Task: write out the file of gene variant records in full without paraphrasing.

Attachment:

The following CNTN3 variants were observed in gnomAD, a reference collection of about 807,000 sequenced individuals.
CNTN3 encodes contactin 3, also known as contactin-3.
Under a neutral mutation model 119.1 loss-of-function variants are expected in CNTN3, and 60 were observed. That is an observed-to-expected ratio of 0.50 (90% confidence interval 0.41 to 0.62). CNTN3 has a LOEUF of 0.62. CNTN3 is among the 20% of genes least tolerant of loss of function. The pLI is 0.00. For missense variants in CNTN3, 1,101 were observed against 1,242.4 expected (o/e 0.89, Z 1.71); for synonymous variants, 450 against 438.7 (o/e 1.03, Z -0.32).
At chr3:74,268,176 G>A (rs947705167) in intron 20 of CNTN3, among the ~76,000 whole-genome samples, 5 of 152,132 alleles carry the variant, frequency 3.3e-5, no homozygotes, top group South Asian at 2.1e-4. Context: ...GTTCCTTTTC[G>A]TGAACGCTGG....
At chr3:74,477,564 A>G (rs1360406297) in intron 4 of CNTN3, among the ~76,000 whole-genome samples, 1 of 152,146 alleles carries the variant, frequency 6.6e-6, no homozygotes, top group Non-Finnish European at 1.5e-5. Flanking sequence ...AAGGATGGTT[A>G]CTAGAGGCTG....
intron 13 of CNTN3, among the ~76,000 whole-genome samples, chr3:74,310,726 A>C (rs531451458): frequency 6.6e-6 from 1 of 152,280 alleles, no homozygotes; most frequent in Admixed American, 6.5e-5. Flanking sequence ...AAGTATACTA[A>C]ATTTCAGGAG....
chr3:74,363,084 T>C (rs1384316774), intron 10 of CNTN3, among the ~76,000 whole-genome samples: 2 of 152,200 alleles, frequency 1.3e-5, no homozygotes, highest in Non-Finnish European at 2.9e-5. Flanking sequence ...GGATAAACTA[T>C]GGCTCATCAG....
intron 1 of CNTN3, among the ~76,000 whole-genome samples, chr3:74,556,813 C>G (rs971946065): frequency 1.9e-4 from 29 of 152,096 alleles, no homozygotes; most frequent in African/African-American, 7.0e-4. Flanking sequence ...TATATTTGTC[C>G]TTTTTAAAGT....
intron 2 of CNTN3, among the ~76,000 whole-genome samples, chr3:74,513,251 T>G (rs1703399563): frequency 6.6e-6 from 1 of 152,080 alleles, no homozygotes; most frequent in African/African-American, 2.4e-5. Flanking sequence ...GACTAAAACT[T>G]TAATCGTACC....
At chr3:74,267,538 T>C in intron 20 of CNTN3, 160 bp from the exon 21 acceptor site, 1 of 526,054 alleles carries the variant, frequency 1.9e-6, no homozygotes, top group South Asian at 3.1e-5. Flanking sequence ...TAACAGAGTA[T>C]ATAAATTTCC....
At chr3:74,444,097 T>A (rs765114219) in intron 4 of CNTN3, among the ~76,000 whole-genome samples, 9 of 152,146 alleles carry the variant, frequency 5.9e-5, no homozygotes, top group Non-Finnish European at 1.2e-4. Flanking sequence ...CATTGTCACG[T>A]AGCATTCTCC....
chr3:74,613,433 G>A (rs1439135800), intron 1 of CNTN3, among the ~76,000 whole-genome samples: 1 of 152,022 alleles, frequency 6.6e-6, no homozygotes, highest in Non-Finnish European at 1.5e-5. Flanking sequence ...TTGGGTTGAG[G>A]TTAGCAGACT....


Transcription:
The following CNTN3 variants were observed in gnomAD, a reference collection of about 807,000 sequenced individuals.
CNTN3 encodes contactin 3, also known as contactin-3.
Under a neutral mutation model 119.1 loss-of-function variants are expected in CNTN3, and 60 were observed. That is an observed-to-expected ratio of 0.50 (90% confidence interval 0.41 to 0.62). CNTN3 has a LOEUF of 0.62. CNTN3 is among the 20% of genes least tolerant of loss of function. The pLI is 0.00. For missense variants in CNTN3, 1,101 were observed against 1,242.4 expected (o/e 0.89, Z 1.71); for synonymous variants, 450 against 438.7 (o/e 1.03, Z -0.32).
At chr3:74,268,176 G>A (rs947705167) in intron 20 of CNTN3, among the ~76,000 whole-genome samples, 5 of 152,132 alleles carry the variant, frequency 3.3e-5, no homozygotes, top group South Asian at 2.1e-4. Context: ...GTTCCTTTTC[G>A]TGAACGCTGG....
At chr3:74,477,564 A>G (rs1360406297) in intron 4 of CNTN3, among the ~76,000 whole-genome samples, 1 of 152,146 alleles carries the variant, frequency 6.6e-6, no homozygotes, top group Non-Finnish European at 1.5e-5. Flanking sequence ...AAGGATGGTT[A>G]CTAGAGGCTG....
intron 13 of CNTN3, among the ~76,000 whole-genome samples, chr3:74,310,726 A>C (rs531451458): frequency 6.6e-6 from 1 of 152,280 alleles, no homozygotes; most frequent in Admixed American, 6.5e-5. Flanking sequence ...AAGTATACTA[A>C]ATTTCAGGAG....
chr3:74,363,084 T>C (rs1384316774), intron 10 of CNTN3, among the ~76,000 whole-genome samples: 2 of 152,200 alleles, frequency 1.3e-5, no homozygotes, highest in Non-Finnish European at 2.9e-5. Flanking sequence ...GGATAAACTA[T>C]GGCTCATCAG....
intron 1 of CNTN3, among the ~76,000 whole-genome samples, chr3:74,556,813 C>G (rs971946065): frequency 1.9e-4 from 29 of 152,096 alleles, no homozygotes; most frequent in African/African-American, 7.0e-4. Flanking sequence ...TATATTTGTC[C>G]TTTTTAAAGT....
intron 2 of CNTN3, among the ~76,000 whole-genome samples, chr3:74,513,251 T>G (rs1703399563): frequency 6.6e-6 from 1 of 152,080 alleles, no homozygotes; most frequent in African/African-American, 2.4e-5. Flanking sequence ...GACTAAAACT[T>G]TAATCGTACC....
At chr3:74,267,538 T>C in intron 20 of CNTN3, 160 bp from the exon 21 acceptor site, 1 of 526,054 alleles carries the variant, frequency 1.9e-6, no homozygotes, top group South Asian at 3.1e-5. Flanking sequence ...TAACAGAGTA[T>C]ATAAATTTCC....
At chr3:74,444,097 T>A (rs765114219) in intron 4 of CNTN3, among the ~76,000 whole-genome samples, 9 of 152,146 alleles carry the variant, frequency 5.9e-5, no homozygotes, top group Non-Finnish European at 1.2e-4. Flanking sequence ...CATTGTCACG[T>A]AGCATTCTCC....
chr3:74,613,433 G>A (rs1439135800), intron 1 of CNTN3, among the ~76,000 whole-genome samples: 1 of 152,022 alleles, frequency 6.6e-6, no homozygotes, highest in Non-Finnish European at 1.5e-5. Flanking sequence ...TTGGGTTGAG[G>A]TTAGCAGACT....